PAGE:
The Struggle is Real: Time
In the previous entry to “The Struggle is Real” series, we heard from the North Hollywood NBA XPLOR House on how they collectively handle chores. This next installment will shed light into how the Hiram-Mantua NBA XPLOR Residents deal with not enough time. Don’t forget to join in the conversation and keep looking for more from “The Struggle is Real” series!
When joining NBA XPLOR, 10 months can seem like a strange amount of time: too short to get to know so many new people in the existing community, but too long to fill in all of your spare time with work and church. Becoming so ingrained in that community that it becomes a problem seemed like an impossibility. Nevertheless, it has been the biggest struggle for the Hiram-Mantua XPLOR house.
During our weekly meetings, our house has two sections on the agenda that seem to fill up fastest: House News and House Activities. The first category is for events that we have committed to go to as a house, and the second is events that we want to do together. As we moved into the second half of our XPLOR term, the items in the first category started to dwarf the items in the second, and our calendar started to look like a daily to-do list with every day having something to go to that would fill up our time.
We are uniquely blessed to have the opportunity to work in three different churches, with each of those churches having an active and different community life. Unfortunately for us, that meant that on top of each of our own four schedules, we needed to integrate events from three others. Merging seven schedules when there are so many opportunities to grow and learn at every event made it hard to turn down anything, so we ended up saying yes to everything!
The burnout rate was quick. There were multiple times that we would show up to work on Monday wishing that it was already the weekend because our actual weekend had been filled with events. We started to get more and more closed off in our spare time, trying to savor the moment because we knew that we wouldn’t have another moment to ourselves for a while. The small intentional community between the four of us started to dissipate as we encountered group exhaustion from the amount of ourselves we were putting into each interaction each week.
One of the pastors we work with, Dr. Irvin Green, talks quite a bit about blessing management. We had been given so many blessings: people who invited us into their lives and homes, free or cheap activities to give us a chance to branch out, and opportunities to hear others speak about lives and backgrounds that were much different from our own. All of these events were things to be thankful for, but we were utilizing poor blessing management. It was time to learn from what we were experiencing and make a change.
What we learned about ourselves was that, as a house filled primarily with introverts, we cannot be “on” socially all the time. The down time is where we flourish, and, for many reasons up to and including mental health, the time we spend by ourselves and in small groups in solitude are necessary for us to be our best selves when we spend time with others.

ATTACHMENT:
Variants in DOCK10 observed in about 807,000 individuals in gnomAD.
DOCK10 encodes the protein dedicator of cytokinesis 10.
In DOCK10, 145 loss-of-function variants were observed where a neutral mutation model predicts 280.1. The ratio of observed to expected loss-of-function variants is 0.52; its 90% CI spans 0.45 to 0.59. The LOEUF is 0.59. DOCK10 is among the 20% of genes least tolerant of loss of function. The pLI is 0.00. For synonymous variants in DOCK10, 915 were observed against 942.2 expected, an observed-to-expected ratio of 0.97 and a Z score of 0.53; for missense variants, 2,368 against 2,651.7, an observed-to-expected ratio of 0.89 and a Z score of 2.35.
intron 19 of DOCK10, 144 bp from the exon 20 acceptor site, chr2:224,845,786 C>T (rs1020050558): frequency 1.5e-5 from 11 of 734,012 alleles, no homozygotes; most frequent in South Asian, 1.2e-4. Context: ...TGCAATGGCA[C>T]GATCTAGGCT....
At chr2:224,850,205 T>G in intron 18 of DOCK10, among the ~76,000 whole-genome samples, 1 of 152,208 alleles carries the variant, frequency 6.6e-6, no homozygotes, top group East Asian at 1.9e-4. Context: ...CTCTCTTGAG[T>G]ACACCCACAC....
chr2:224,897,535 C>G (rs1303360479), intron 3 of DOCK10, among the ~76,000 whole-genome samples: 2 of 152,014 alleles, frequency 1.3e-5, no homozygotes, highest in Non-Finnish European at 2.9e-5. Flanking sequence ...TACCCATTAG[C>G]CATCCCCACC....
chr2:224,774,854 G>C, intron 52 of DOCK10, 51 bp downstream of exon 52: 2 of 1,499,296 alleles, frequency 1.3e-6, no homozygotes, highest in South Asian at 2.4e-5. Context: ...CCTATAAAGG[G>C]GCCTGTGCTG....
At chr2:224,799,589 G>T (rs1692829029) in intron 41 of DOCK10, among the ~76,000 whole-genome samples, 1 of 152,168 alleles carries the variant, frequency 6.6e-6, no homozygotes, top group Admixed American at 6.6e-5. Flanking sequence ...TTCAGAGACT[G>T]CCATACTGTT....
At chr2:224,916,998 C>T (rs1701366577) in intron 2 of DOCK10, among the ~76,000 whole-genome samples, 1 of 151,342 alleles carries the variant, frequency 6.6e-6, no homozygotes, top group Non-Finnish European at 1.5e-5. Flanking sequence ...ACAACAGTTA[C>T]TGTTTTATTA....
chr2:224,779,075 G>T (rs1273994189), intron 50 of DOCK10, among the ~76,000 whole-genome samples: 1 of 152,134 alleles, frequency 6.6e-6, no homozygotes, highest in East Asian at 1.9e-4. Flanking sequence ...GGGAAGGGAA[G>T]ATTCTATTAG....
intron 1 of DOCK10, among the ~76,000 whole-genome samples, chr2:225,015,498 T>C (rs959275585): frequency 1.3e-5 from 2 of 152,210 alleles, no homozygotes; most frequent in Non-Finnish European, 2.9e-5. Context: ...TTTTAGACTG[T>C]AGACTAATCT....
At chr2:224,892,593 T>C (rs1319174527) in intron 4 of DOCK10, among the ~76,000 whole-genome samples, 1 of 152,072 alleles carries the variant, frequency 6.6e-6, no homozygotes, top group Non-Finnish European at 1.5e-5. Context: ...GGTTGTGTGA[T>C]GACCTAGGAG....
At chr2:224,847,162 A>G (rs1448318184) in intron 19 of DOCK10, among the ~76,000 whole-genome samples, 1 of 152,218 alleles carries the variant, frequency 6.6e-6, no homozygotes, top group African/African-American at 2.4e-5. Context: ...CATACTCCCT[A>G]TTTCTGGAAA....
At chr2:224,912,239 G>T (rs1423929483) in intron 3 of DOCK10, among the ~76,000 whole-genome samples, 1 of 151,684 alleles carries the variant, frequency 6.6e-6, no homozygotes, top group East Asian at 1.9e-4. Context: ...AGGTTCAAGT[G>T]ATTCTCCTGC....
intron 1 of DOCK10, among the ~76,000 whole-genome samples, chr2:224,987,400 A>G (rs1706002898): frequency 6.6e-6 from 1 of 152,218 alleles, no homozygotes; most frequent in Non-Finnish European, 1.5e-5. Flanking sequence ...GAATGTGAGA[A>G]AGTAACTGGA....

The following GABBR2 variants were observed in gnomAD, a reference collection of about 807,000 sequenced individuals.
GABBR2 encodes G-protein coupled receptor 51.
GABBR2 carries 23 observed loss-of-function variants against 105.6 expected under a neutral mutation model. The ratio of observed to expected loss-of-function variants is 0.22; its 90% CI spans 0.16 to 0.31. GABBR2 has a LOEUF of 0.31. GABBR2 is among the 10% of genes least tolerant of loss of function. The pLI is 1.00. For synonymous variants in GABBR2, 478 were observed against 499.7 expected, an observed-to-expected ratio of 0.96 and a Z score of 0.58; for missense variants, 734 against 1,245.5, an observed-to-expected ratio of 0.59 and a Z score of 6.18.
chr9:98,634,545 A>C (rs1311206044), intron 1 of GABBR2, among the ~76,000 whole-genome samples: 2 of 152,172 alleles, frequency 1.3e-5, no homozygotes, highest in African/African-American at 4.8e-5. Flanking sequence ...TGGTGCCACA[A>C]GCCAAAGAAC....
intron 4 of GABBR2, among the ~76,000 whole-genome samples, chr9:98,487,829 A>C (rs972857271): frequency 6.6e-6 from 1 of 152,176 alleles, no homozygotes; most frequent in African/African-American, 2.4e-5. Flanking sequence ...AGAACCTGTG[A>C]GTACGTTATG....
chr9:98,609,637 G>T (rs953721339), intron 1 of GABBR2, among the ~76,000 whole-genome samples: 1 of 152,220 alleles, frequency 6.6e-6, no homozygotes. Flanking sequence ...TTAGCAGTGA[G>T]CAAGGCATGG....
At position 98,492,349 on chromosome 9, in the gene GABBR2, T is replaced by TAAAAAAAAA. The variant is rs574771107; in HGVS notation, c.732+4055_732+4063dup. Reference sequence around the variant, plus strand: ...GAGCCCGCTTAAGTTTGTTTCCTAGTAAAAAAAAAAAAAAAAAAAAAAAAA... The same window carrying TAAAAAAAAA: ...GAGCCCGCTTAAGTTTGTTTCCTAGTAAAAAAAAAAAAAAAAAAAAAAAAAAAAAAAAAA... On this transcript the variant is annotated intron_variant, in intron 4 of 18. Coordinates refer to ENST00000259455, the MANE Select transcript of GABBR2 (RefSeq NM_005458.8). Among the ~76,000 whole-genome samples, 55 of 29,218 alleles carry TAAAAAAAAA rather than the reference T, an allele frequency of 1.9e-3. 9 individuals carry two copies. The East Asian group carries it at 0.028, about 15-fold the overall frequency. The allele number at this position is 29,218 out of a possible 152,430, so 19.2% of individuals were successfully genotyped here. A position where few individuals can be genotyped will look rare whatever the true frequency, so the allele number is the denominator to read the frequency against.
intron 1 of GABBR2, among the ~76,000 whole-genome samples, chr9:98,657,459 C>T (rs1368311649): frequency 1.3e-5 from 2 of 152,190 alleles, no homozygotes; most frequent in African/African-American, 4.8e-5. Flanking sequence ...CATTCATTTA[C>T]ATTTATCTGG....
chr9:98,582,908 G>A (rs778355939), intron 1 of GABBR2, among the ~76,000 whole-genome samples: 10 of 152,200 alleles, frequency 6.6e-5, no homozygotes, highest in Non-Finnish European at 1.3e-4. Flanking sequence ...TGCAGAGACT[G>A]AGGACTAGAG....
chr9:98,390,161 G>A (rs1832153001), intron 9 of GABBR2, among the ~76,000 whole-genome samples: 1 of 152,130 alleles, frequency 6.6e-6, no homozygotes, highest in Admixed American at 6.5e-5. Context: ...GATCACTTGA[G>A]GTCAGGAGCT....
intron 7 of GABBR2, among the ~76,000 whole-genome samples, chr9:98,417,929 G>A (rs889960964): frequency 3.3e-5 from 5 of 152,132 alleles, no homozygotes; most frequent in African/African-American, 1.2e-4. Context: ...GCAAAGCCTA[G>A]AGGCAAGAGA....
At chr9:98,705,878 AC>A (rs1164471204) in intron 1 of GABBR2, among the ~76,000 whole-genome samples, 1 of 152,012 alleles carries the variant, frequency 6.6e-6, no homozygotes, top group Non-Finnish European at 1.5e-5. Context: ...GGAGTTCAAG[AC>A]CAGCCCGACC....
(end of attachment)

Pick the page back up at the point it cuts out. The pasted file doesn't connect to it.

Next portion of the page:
In a selection from Henri Nouwen’s writing included in the book “Called to Community: The Life Jesus Wants for His People,” our house found the following: “Solitude is essential to community life because there we begin to discover a unity that is prior to all unifying actions. In solitude we become aware that we were together before we came together and that community life is not a creation of our own will but an obedient response to the reality of our being united. Whenever we enter into solitude, we witness to a love that transcends our interpersonal communications and proclaims that we love each other because we have been loved first (1 John 4:19). Solitude keeps us in touch with the sustaining love from which the community draws its strength. It sets us free from the compulsions of fear and anger and allows us to be in the midst of an anxious and violent world as a sign of hope and a source of courage. In short, solitude creates that free community that makes bystanders say, ‘See how they love each other.’”
Essentially, our house learned that it was necessary to find a balance: that it was okay to say no without guilt to some events so that we could say yes enthusiastically to the ones we truly cared about and wanted to be a part of. It meant that we needed to make intentional time for solitude: not only to rest and recharge, but to center ourselves around the core of community life that we find through conversation with God and independent study. Being a part of community is so important to us, and we have learned that by using discretion and moderation with how our time is spent, we can be even better members of that community.
NBA XPLOR is a 10-month service residency opportunity for young adults ages 21-30, with the purpose of empowering young adults to discern and develop a “heart for care” as they live together in simple community, engage in direct service and justice work, engage in leadership development, and discern their vocational calls to honor the various communities they are called to serve. Learn more and apply at nbacares.org/xplor.